Rugged schedule just a fact of life in the Big East, Villanova knows

Posted: February 03, 2011

PERHAPS IT'S both a blessing and a curse to be in a conference as good as the Big East.

From an entertainment and competition standpoint, who wouldn't want to play in a conference where eight teams, half of the teams in the league, are ranked in the Top 25?

Finishing in the top half of the Big East is practically an automatic ticket into the NCAA Tournament.

But as far as winning a national championship, maybe the Big East is too good for its own good.

How much does playing an 18-game Big East regular-season schedule and then slugging it out in Madison Square Garden during the Big East Tournament take out of teams when it comes time to play in the NCAAs?

The last Big East team to win a national championship in men's basketball was Connecticut in 2004.

Coincidentally, or not so coincidentally, that was the year before the conference expanded its membership to its current 16 teams.

The Big East has had at least one team in three of the last four Final Fours. None has reached the national championship game.

You can't help but wonder if the Big East teams have too many conference wounds - physical and mental - to string together the six games it takes to be crowned an NCAA champion.

"I don't believe in that," said Villanova coach Jay Wright, whose team snapped a two-game conference losing streak with a 75-70 victory over Marquette last night at the Pavilion. "But there are people who do, even people in the Big East.

"I think that playing all the different styles that we play against, I think it prepares us [for the NCAAs].

"I know there are people who argue that [Big East play] wears you down and by the end of the year you are so beat down physically and mentally."

The Big East is a gantlet.

Going into last night, Georgetown (five) and Notre Dame (three) were the only Big East teams with winning streaks longer than two games.

Connecticut (17-4), Cincinnati (18-4) and Syracuse (19-4) have only lost to fellow Big East teams.

Villanova (18-4), Pittsburgh (20-2) Notre Dame (17-4) and Georgetown (17-5) all have lost just once out of conference.

Once the Big East schedule kicks into full gear it is grind game after game after game, with few, if any, opportunities to exhale.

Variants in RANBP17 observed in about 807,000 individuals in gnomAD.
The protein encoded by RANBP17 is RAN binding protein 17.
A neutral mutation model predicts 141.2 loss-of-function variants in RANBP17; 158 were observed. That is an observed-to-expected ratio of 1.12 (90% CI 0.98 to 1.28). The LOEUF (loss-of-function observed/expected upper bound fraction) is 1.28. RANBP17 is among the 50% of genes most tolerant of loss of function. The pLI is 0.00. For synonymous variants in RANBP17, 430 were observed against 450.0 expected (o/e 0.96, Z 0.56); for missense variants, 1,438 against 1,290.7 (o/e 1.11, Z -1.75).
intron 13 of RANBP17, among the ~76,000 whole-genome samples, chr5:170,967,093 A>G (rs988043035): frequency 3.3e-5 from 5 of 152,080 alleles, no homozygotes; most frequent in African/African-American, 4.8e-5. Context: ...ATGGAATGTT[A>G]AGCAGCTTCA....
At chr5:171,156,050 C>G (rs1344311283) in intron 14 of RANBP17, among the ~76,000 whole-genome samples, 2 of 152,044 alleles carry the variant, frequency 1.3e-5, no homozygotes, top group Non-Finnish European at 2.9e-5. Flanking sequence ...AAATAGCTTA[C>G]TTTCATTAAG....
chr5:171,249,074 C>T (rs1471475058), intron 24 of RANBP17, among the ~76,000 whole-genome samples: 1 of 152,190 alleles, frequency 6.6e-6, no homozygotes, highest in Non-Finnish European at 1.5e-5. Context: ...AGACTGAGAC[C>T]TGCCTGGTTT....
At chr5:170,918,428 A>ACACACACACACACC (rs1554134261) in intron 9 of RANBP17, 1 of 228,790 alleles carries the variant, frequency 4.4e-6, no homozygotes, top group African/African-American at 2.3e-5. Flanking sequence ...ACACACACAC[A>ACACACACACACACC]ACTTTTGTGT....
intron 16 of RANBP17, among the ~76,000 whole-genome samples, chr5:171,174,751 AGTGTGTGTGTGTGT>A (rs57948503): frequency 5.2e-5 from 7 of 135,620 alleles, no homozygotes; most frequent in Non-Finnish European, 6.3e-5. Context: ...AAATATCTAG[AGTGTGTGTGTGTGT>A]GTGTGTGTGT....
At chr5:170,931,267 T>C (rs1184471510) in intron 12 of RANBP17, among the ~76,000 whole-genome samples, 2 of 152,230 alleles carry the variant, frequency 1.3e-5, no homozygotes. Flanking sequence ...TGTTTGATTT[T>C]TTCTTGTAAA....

"Playing in this league is just tough night in and night out," said Villanova guard Corey Fisher. "You just have to be mentally strong.

"The coaches help us a lot with that, and we try to help each other. I know sometimes I get down and someone picks me up.

"In this league, you might lose two games in a row and then have to play two Top 10 teams. That's what you practice for."

I went to the University of Maryland. I grew up an Atlantic Coast Conference guy and have remained one for my entire life.

But even I can admit that the ACC is top-heavy. Half of the league is not going to be ranked in the Top 25.

No league in the country has the top-to-bottom depth of the Big East.

The Big Ten is the only other conference with at least four teams in the Top 25, and that's half of the Big East total.

The difference between Duke, Kansas or Ohio State and Pittsburgh, Connecticut, Syracuse, Georgetown or Villanova is that the Blue Devils, Jayhawks and Buckeyes get more than a few nights off in conference play.

Wright said that when the Big East coaches get together during the offseason, one of the topics of conversation is how you keep your players from getting mentally worn down from the competitiveness of the league.

"When we talk, the thing we get to the most is what do you do to keep your kids fresh?" Wright said. "What do you do to keep their minds fresh and not wear them out?

"I think we are all trying to learn how to do that."

Last night Villanova got back on track with a victory over Marquette (14-9 overall, 5-5 in the Big East).

The Wildcats' reward is to play 25th-ranked West Virginia on Saturday, go to Rutgers (12-9) and then play fourth-ranked Pittsburgh within 7 days.

"It's funny because as coaches you always want to fix things," Wright said. "We lose two in a row, and suddenly, everybody is like, 'We've got to do something.'

"Then you look at this league and who you are playing, and you realize nothing is wrong, that's just the way things are." *

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smallwj@phillynews.com.

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www.philly.com/Smallwood.

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